News

Friday, November 3, 2017

Eloy Ortiz Oakley - Sacramento Bee

When Gov. Jerry Brown signed Assembly Bill 19, which will allow California community colleges to promise a tuition-free first year for first-time, full-time students, I joined the cheers of students, parents and the public.

But we should recognize that the struggle to lower the cost of attending college has only begun.

Friday, October 27, 2017

Julia Wick - LAist

Hundreds of Angelenos crowded into downtown's favorite food hall on Friday morning to celebrate Grand Central Market's 100th birthday—and get a free slice of a massive, 100-layer cake prepared by Valerie Gordon of Valerie Confections.

The market first opened on Oct. 27, 1917, and has "witnessed Los Angeles grow up," according to Mayor Eric Garcetti, who spoke at the celebration. The festivities, which kicked off at 10:30 a.m, will continue until 10 p.m. and will include a vintage photo booth, live music, retro food and drink specials, and free rides for kids on Angels Flight. Visitors entering GCM from the Hill Street side will also be greeted by a sprawling, 13,000-balloon installation cascading over the market's facade.

Tuesday, October 17, 2017

Christina Cox - The Signal

First-year, full-time students at all 114 California Community Colleges will soon be able to attend their first year for free under legislation signed by Gov. Jerry Brown Friday.

Assembly Bill 19, or the California College Promise, by Assemblymember Miguel Santiago (D-Los Angeles) will waive students’ first year of tuition fees as long as they are enrolled in 12 or more semester units.

Supporters of the bill said it would increase student performance and degree completion, and decrease regional barriers to college access.

Monday, October 16, 2017

Brooke Martell - News 4 Tuscon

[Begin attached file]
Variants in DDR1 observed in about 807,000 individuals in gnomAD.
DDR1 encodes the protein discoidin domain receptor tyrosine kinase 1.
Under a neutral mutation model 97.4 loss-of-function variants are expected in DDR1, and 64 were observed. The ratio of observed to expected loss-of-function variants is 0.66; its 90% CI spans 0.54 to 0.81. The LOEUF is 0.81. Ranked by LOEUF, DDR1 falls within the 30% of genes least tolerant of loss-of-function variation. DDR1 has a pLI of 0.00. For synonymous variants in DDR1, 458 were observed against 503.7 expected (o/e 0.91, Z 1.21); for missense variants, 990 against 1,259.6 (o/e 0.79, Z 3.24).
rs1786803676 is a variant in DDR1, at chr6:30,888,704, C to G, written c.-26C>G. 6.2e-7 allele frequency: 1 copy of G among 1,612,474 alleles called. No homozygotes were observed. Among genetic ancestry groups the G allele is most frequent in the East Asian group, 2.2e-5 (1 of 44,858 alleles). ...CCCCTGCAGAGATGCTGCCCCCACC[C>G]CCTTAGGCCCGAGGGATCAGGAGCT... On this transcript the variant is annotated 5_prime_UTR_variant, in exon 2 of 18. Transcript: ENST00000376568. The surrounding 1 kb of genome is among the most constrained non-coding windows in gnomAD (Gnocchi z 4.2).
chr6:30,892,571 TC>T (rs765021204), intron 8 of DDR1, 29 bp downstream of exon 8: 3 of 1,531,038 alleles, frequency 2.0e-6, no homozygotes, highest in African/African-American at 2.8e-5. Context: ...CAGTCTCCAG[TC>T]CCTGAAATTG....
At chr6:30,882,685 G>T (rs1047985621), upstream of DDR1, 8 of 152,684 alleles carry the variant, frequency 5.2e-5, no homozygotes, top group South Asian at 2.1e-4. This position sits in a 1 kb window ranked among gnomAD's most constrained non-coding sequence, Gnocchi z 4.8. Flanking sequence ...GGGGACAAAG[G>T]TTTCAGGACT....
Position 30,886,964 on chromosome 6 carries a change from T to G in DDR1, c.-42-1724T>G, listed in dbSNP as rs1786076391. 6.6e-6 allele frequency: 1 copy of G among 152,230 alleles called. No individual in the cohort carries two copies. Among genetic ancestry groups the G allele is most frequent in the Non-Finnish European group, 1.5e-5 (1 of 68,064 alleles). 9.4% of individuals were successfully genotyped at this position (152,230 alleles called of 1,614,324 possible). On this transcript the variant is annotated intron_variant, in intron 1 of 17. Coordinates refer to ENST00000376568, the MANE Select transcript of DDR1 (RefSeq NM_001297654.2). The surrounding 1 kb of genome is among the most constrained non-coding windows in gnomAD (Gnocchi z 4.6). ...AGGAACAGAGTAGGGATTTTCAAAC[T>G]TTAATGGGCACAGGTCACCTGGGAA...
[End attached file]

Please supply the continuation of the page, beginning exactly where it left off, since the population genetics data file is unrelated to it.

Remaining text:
For those who have ever thought about going to college but never had the funds to get there, the state of California is opening up the opportunity for people of all ages, regardless of their economic background, to get one year of community college for free.

It's called the California College Promise and there are no age restrictions.

Monday, October 16, 2017

Stephanie Rivera - Long Beach Post

Gov. Jerry Brown signed into law the California College Promise last Friday, an initiative that, if funded in the next state budget, would provide one year of free community college for new students.

Assembly Bill 19 was authored by Assemblymembers Miguel Santiago of Los Angeles, David Chiu of San Francisco and Kevin McCarty of Sacramento. The legislation passed both the Assembly and the Senate last month with bipartisan support.

“In 2025, California will face an estimated shortage of one million college-educated workers needed to sustain the state’s workforce,” said Assembly Member Santiago in a statement. “This bill isn’t about voting and polling numbers. When you talk to most reasonable people, whether it be a CEO or leader of any firm, some sort of program leader, they want a more skilled workforce. It just makes economic sense.”

Monday, October 16, 2017

Esmeralda Fabián Romero - LA School Report

California community college students now have a faster route to a four-year degree, thanks to two new state laws.

On Friday, Gov. Jerry Brown signed AB 705, allowing more students access to college-level courses instead of remedial courses when they start community college, and AB 19, giving all first-time students in the state a free year of community college.

AB 19 expands to the entire state programs already in place in Los Angeles and Long Beach called College Promise. Its author, Assemblyman Miguel Santiago (D-Los Angeles), celebrated on Monday the governor’s signature at a ceremony at Roosevelt High School.

Monday, October 16, 2017

La Opinion

Tras la aprobación del proyecto de ley AB 19 el viernes, los colegios comunitarios de California proporcionarán un año de estudio gratuito a todos sus residentes.

La medida, que busca aumentar la matrícula y el índice de graduación en el estado, fue firmada por el gobernador Jerry Brown, y eliminará el costo educativo para todo estudiante de tiempo completo que realice sus estudios por primera vez en uno de los 114 colegios comunitarios de California.